I wanted the dog to do the behavior I wanted (or stop doing the behavior I didn’t want), but I also was just acting out of emotion: the dog does something appalling in front of a neighbor, and I feel humiliated, and I react out of that emotion, etc. But it could all be justified in the name of training.
I wasn’t actually training the dog, of course. It was just me letting my emotions get the better of me, which I could do with impunity because I was doing what “the experts” told me to do. I was actually damaging my relationship to my dogs, damaging my dogs’ sense of trust of me, and their sense of safety in the world.
There are very, very few good reasons to ever use punishment, and I have seen some checklists for the very rare instances when it may be justified. However, I haven’t yet seen a checklist that includes what I’d consider to be two of the most important criteria:
- You are in a totally mellow, non-angry (dare I say peaceful and accepting?) frame of mind.
- You do not have a tendency to flare up.
I include the second one because, even if you start out mellow, administering punishment, in itself, might trip off emotions of anger or righteous indignation or whatnot, especially if you are the kind of person who has tendencies in that area.
All that said, it’s nice when the theory pays off for you — not just the enjoyment of doing things positively, but the realization that not doing something negative has saved your ass! Usually the fallout from punishment becomes obvious after the fact (often, a good deal after the fact). However, the dividends aid by avoiding punishment also may not be obvious till later.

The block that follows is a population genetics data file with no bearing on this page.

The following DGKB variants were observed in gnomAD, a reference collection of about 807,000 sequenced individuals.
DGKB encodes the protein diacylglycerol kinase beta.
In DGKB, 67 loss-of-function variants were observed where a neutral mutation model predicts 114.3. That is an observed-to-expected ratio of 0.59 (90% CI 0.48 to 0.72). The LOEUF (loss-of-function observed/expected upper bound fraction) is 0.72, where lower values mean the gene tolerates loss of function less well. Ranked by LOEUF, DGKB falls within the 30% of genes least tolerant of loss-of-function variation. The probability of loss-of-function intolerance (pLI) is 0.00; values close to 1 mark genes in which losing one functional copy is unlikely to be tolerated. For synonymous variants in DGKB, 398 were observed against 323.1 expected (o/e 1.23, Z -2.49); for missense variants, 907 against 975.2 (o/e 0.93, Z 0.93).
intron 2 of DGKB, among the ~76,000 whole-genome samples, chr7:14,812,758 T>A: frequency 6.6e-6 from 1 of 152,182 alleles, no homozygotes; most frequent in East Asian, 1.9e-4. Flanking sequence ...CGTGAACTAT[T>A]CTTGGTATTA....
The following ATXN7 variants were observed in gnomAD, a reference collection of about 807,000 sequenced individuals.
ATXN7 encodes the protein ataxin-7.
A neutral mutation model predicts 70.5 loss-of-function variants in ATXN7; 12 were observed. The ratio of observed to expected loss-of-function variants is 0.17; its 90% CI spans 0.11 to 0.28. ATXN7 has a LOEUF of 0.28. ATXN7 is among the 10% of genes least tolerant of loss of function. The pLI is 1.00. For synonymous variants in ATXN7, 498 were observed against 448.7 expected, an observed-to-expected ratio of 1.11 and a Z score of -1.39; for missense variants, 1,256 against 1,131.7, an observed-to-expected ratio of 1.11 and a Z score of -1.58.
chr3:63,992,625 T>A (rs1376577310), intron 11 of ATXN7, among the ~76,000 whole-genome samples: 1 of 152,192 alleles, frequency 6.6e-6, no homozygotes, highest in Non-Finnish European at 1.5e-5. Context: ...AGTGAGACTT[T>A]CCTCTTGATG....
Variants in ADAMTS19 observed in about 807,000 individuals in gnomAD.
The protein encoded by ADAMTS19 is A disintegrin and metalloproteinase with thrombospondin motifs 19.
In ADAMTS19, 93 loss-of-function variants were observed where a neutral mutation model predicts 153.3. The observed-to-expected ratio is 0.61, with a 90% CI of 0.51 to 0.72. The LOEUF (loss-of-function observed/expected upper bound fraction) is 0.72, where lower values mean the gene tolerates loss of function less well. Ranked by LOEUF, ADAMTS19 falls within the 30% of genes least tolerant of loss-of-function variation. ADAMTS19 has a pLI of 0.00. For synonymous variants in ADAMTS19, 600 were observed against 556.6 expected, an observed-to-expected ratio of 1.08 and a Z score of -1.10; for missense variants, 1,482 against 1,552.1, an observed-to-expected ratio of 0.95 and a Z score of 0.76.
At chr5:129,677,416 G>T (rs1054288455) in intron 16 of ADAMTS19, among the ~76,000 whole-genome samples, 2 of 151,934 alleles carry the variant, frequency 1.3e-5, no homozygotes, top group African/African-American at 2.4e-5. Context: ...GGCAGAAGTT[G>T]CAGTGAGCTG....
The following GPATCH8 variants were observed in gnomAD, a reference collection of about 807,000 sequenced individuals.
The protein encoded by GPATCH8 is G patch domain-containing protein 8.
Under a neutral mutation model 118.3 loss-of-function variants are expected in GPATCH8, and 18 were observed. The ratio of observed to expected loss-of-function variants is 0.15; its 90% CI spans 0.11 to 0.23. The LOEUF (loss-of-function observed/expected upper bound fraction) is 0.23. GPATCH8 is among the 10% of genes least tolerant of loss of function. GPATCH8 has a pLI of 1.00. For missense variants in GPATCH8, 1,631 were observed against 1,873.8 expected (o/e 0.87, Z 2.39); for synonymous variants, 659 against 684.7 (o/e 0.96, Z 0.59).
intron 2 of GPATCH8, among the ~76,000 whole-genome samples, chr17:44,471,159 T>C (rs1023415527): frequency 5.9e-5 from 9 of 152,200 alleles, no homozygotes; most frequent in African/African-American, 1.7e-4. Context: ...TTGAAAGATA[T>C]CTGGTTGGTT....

A while back, I wrote a post about training Barnum to alert me to my infusion pump alarm.
The idea was to teach him to jump on my bed and wake me when the alarm went off, and then keep me awake while I disconnected and flushed the line. I’ve been training this by clicking and treating (with high-value treats) for alerting me to the alarm initially, and then giving him dinner as a very high-value treat when he alerts again — either to the alarm going off again, or to my timer going off. (If I’ve set one of them to go off again.)
Last night, I didn’t have his usual high-value first-round treats, so I planned to just give him his dinner when the pump went off.
As I was doing my infusion, I just knew there was no way I was going to stay awake for it. I thought, “Fine, I’ll fall asleep, and either the alarm or Barnum or both will wake me, and then I’ll deal with the line and feed Barnum.”
That’s the last thought I had until . . . “Blehp! Blehp! Blehp!” And Barnum is on the bed, and I’m really confused.
Then I realize he’s woken me up, and that the pump alarm is going off, and I look around for his treats — and can’t find them. “Good dog! Good boy!” I tell him.